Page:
“I have long suspected that the great majority of evangelical Christians, while kept somewhat in line by the pressure of group opinion, nevertheless have a boundless, if perforce secret, admiration for the world. We can learn the true state of our minds by examining our unexpressed admirations. Israel often admired, even envied, the pagan nations around them, and so forgot the adoption and the glory and the covenants and the law and the promises and the fathers. Instead of blaming Israel let us look to ourselves.”

✎ Who do you admire?

7. What we laugh at


No one with a due regard for the wisdom of God would argue that there is anything wrong with laughter, since humor is a legitimate component of our complex nature. Lacking a sense of humor we fall that much short of healthy humanity. But the test we are running here is not whether we laugh or not, but what we laugh at. Some things lie outside the field of pure humor. No reverent Christian, for instance, finds death funny, nor birth nor love. No Spirit-filled man can bring himself to laugh at the Holy Scriptures, or the Church which Christ purchased with His own blood, or prayer or righteousness or human grief or pain. And surely no one who has been even for a brief moment in the presence of God could ever laugh at a story involving the Deity.”

✎ What do you laugh at? What do you find funny?

 

The photos in this article are self portraits I took with a vintage Polaroid camera. 

 2,50 450,00

“To be myself (I note) I need the illumination of other people’s eyes, and therefor cannot be entirely sure what is my self.”

 Virginia Woolf in the book The Waves’
(Published in 1931 – available to read/download free online)

rembrandt inspired photography

I Am Not Who I Am
(Rembrandt And I)

A Journal Entry


One morning I listened to Tomas Sadlacek talk about the story of the prodigal son. When the prodigal son ends up poor and alone the Bible says “He came to himself.” Sadlacek said this phrase seemed very weird to him. He said: “Somehow we as people are not ourselves.” He linked it to God, who says: “I am who I am.” And that with human beings it should be: “We are not who we are.”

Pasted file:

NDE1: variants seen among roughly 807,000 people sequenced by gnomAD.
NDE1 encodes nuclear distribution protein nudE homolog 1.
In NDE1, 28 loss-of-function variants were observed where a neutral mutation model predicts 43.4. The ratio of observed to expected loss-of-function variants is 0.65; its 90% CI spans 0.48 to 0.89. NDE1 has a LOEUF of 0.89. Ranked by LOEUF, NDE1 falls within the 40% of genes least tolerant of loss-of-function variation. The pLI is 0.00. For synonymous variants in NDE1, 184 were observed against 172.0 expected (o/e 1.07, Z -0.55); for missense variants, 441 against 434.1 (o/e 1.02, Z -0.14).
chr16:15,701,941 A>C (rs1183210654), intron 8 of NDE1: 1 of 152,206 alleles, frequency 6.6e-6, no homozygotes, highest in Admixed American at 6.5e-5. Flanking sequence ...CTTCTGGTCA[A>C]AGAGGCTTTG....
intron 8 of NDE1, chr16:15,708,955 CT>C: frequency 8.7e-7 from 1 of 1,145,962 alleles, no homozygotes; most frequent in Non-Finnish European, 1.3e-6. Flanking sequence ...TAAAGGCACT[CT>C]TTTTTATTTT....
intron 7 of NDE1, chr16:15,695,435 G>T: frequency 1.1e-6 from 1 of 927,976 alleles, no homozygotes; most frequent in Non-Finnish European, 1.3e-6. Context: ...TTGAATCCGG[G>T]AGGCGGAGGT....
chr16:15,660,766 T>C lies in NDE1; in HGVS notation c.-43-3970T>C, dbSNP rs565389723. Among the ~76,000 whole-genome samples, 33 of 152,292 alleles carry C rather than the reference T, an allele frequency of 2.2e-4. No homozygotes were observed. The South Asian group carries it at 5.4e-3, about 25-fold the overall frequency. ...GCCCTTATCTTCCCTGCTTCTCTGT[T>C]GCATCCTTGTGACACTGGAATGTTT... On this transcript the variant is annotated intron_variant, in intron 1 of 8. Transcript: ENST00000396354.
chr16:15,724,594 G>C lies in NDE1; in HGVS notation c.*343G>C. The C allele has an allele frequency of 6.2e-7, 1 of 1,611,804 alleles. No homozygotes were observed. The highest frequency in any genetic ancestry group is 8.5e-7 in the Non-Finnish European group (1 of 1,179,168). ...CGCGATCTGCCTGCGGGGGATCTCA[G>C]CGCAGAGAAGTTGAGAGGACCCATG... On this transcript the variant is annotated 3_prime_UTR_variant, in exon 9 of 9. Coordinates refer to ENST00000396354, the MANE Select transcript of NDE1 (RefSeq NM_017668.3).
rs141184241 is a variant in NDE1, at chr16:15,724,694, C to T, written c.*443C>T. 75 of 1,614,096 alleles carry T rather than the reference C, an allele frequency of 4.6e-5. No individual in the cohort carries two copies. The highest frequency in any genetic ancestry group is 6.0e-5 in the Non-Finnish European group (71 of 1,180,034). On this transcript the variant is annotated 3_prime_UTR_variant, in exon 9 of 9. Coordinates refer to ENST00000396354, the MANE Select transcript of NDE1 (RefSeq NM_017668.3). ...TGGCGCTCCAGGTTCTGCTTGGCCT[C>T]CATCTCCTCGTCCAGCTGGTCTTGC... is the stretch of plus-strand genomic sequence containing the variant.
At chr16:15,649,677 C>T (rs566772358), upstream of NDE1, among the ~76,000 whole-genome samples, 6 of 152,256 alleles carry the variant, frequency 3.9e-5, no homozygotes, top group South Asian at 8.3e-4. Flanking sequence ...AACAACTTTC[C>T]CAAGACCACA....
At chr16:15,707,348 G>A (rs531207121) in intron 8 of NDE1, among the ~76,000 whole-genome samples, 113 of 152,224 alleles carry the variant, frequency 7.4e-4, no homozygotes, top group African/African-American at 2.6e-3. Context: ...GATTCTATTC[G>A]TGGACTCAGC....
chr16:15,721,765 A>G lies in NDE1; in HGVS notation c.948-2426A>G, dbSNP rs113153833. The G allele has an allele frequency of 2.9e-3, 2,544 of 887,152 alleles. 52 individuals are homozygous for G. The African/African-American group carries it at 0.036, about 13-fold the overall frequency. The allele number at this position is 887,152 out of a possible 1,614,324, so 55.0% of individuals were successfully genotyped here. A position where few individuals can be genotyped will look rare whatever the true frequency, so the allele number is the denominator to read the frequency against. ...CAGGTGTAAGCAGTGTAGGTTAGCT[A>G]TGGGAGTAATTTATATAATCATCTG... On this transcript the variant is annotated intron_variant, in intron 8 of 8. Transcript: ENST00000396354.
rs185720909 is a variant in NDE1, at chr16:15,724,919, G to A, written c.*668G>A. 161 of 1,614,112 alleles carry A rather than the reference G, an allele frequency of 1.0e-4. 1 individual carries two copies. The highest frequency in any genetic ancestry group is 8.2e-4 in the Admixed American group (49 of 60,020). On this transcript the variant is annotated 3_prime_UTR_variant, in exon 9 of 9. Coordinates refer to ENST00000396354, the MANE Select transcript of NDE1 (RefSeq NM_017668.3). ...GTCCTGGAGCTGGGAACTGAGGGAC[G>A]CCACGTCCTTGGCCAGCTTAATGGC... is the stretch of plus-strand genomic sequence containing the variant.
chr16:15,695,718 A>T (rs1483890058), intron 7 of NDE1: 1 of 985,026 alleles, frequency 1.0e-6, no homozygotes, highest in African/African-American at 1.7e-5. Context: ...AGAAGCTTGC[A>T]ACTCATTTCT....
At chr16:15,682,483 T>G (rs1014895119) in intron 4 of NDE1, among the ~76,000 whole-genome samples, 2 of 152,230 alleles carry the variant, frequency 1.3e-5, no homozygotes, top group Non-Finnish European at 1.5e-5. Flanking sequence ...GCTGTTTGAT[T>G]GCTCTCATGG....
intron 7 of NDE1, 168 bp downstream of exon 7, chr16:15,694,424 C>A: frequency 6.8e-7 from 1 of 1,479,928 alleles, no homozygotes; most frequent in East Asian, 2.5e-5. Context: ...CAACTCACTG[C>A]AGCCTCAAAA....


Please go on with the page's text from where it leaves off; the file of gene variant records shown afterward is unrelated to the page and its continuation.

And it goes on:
Later in the day I was leafing through a book about Rembrandt and it made me wonder why he painted the way he did. Those lights and shadows, the mysteriousness, the atmosphere. So I made a little study of it. I took a photo of myself and edited it the way Rembrandt painted. The result was interesting. A boring, awkward self portrait had turned into an interesting, mysterious portrait of a woman who wasn’t me.

The fact that we as humans are not who we are gives us room to try, to change, to adjust, to see ourselves in a different light. Keep what we like, discard what we don’t like. Rembrandt said that life etches itself onto our faces as we grow older, showing our violence, excesses or kindnesses. And so I hope that the older we get, the lovelier we look 😊

“The human body essentially recreates itself every six months. Nearly every cell of hair and skin and bone dies and another is directed to its former place. You are not who you were last November.”⠀

– Donald Miller in ‘A Million Miles in a Thousand Years’  -⠀

<

A Poem by Pierre Teilhard de Chardin: Patient Trust

Practical remedies against melancholy – By Sydney Smith

>

0 0 votes
Artikelbeoordeling
Subscribe
Notify of

This site uses Akismet to reduce spam. Learn how your comment data is processed.

0 Reacties
Inline Feedbacks
View all comments